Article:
May 02, 2008

Seminary President Testifies Against Constitutional Ban on Same-Sex Marriage

Dr. Riess V. Potterveld, president of gay-affirming Lancaster Theological Seminary, testified in a hearing in the Pennsylvania state legislature concerning a ballot measure to amend the state constitution to ban same-sex marriage.

From the Lancaster New Era:

"Clearly, what is proposed in Senate Bill 1250 is a step backward into language of denial, devaluing, delegitimizing and in its simple wording, in my opinion, conceals a wellspring of toxic and prejudicial feeling," testified Riess W. Potterveld, president of Lancaster Theological Seminary.

"The text is not neutral but rather agressive in its language of invalidation. This would be a step back into what I will call 'worst public practices'; because it is essentially about the restriction of rights, the enforcement of inquality without any basis other than fear, prejudice and hostility," he said, according to prepared remarks provided to the New Era."

...To be honest, I cannot think of one good thing that would come from passage of this amendment; my hope is that reason will prevail and that the measure will be defeated," said Potterveld, the only local speaker.

I found this to be a very well spoken arguement against this measure, with a little added kick from the fact that it came from an ordained minister (United Church of Christ).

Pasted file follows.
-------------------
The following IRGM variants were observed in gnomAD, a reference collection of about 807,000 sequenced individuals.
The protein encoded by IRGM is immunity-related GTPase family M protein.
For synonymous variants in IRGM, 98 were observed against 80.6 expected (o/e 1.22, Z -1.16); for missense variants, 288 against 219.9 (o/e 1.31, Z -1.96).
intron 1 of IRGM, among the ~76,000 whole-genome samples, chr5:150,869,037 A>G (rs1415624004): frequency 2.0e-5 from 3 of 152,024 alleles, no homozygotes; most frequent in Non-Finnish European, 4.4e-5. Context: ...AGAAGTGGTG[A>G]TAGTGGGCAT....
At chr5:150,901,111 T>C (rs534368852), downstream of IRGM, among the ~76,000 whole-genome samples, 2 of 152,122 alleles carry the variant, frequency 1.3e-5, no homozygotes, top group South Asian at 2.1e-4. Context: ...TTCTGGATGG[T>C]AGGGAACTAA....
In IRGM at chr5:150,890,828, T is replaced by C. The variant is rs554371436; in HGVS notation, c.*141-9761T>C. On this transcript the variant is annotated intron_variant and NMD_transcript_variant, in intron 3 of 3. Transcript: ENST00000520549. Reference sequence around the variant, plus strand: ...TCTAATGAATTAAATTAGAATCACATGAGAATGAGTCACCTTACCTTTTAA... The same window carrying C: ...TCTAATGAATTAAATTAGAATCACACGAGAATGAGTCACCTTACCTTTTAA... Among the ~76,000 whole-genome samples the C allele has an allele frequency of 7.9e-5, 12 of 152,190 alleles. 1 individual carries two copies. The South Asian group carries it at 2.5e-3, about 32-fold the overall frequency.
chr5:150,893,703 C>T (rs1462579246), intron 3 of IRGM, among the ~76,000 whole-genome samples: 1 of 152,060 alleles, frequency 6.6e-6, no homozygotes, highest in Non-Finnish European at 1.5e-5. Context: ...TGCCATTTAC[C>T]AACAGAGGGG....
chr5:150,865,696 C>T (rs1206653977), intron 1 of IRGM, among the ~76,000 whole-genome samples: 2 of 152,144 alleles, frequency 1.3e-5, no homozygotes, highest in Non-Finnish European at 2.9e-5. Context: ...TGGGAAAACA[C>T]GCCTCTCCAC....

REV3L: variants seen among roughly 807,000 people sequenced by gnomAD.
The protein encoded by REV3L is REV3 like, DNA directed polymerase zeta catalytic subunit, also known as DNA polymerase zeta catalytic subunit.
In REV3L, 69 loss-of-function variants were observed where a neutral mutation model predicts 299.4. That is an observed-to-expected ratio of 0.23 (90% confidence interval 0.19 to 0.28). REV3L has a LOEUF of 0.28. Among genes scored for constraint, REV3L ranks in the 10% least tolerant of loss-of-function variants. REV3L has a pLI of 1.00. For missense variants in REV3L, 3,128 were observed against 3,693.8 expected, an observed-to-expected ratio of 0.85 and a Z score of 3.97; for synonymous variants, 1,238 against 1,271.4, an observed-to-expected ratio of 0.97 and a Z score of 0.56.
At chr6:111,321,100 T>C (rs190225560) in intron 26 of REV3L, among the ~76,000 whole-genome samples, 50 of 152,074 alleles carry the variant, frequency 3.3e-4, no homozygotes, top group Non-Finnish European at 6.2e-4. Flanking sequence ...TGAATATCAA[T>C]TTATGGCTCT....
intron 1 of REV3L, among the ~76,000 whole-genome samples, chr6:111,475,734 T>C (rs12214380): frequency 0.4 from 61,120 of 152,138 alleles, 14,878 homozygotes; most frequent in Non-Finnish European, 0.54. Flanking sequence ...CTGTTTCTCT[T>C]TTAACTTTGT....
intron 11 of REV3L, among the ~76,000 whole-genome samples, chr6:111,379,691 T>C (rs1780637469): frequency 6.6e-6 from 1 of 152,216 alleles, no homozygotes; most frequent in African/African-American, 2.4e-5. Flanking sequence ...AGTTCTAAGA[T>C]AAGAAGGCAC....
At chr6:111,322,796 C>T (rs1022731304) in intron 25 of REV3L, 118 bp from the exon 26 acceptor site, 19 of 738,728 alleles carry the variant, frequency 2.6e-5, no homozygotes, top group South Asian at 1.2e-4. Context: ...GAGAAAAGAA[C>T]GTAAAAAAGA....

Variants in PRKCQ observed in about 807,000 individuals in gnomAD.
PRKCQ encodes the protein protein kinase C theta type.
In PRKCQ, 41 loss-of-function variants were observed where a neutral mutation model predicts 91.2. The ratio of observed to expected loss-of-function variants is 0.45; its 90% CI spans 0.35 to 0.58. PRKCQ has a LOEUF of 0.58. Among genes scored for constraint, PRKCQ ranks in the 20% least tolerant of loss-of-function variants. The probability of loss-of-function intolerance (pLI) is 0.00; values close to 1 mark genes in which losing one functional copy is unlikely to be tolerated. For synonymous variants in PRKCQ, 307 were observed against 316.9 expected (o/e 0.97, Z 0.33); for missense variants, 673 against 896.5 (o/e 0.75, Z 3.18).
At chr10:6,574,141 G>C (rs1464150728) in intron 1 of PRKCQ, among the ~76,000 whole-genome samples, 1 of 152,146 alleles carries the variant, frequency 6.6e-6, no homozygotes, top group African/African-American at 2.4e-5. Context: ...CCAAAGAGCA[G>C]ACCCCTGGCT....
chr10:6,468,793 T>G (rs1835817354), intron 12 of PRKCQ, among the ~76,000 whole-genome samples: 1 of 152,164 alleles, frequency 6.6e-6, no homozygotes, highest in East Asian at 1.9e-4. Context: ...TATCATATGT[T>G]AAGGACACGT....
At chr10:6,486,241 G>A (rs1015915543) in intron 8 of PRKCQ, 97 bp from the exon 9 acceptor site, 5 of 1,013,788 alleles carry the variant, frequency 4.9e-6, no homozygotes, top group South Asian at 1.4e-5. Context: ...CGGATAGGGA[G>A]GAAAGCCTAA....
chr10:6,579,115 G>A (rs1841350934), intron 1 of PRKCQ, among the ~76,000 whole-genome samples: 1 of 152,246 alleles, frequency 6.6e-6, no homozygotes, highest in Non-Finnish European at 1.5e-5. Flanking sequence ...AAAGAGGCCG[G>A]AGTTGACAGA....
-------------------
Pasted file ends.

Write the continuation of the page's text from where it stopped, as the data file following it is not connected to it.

We need even more men like Dr. Potterveld to step forward and make this same arguement.

May 01, 2008

National Day of Prayer Not Really National

As clearly pointed out in this note from the American Prospect (item #4 on this link), the upcoming "National Day of Prayer" on May 1 should actually be called "Government Sponsored Day of Christian Prayer."

This is just another example of the Religious Right co-opting the government for their agenda. The first warning of this should have been the fact that Shirley Dobson, the wife of infamous founder of Focus on the Family Dr. James Dobson, is the chairman. Don't take my word for it, here is a quote from the official site:

The National Day of Prayer Task Force was a creation of the National Prayer Committee for the expressed purpose of organizing and promoting prayer observances conforming to a Judeo-Christian system of values. People with other theological and philosophical views are, of course, free to organize and participate in activities that are consistent with their own beliefs. This diversity is what Congress intended when it designated the Day of Prayer, not that every faith and creed would be homogenized, but that all who sought to pray for this nation would be encouraged to do so in any way deemed appropriate. It is that broad invitation to the American people that led, in our case, to the creation of the Task Force and the Judeo-Christian principles on which it is based.

Clearly Shirley Dobson has every right to organize this type of event on her own dime. Last Saturday, an event called ReignDown USA was held on the National Mall and broadcast across the world. There were no government proclimations behind this event (also an exclusively Christian gathering) however. There are plenty of them for the National Day of Prayer, from the federal government and all 50 states (you can see for yourself from this link).